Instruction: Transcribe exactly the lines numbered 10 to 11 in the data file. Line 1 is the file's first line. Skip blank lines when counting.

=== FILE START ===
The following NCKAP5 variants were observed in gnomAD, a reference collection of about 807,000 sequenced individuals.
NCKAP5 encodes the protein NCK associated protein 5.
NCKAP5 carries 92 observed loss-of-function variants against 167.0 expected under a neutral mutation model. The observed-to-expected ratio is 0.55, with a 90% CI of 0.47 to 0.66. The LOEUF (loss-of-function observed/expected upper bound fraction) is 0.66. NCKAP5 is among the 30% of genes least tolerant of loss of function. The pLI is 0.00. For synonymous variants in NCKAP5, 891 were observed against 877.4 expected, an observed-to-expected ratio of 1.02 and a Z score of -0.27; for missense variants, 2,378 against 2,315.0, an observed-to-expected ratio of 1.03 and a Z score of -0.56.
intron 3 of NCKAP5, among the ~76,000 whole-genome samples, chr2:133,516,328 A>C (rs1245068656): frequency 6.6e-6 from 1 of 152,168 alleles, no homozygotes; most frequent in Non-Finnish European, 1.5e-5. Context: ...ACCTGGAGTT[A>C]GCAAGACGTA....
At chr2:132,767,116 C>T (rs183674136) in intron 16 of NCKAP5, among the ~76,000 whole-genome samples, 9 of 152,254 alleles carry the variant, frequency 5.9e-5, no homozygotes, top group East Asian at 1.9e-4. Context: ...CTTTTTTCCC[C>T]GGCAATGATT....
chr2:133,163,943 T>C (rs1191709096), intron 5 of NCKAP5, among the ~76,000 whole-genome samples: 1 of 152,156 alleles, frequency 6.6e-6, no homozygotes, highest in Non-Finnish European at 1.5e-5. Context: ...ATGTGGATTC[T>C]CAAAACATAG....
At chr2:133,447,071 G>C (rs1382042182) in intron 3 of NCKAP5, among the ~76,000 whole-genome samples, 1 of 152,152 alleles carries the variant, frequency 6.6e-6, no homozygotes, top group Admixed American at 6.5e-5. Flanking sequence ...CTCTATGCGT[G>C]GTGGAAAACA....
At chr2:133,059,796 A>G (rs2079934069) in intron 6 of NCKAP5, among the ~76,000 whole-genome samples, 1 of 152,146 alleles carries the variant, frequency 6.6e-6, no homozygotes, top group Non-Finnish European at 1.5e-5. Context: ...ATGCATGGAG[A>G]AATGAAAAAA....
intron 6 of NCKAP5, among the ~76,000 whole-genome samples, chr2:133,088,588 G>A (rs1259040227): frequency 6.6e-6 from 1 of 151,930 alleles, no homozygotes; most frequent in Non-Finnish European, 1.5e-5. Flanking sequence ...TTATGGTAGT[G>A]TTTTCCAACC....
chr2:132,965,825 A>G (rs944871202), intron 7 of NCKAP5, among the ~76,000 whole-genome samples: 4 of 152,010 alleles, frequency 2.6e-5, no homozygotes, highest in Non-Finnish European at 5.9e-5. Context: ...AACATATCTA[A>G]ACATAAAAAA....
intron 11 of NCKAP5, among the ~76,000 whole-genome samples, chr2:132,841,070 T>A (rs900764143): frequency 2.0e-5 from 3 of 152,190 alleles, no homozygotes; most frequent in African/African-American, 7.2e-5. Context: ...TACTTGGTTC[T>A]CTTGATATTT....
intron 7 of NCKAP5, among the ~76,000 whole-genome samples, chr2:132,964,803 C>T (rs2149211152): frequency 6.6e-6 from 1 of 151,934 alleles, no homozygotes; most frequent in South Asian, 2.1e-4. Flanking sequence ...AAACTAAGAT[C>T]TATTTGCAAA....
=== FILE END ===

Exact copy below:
chr2:132,965,825 A>G (rs944871202), intron 7 of NCKAP5, among the ~76,000 whole-genome samples: 4 of 152,010 alleles, frequency 2.6e-5, no homozygotes, highest in Non-Finnish European at 5.9e-5. Context: ...AACATATCTA[A>G]ACATAAAAAA....
intron 11 of NCKAP5, among the ~76,000 whole-genome samples, chr2:132,841,070 T>A (rs900764143): frequency 2.0e-5 from 3 of 152,190 alleles, no homozygotes; most frequent in African/African-American, 7.2e-5. Context: ...TACTTGGTTC[T>A]CTTGATATTT....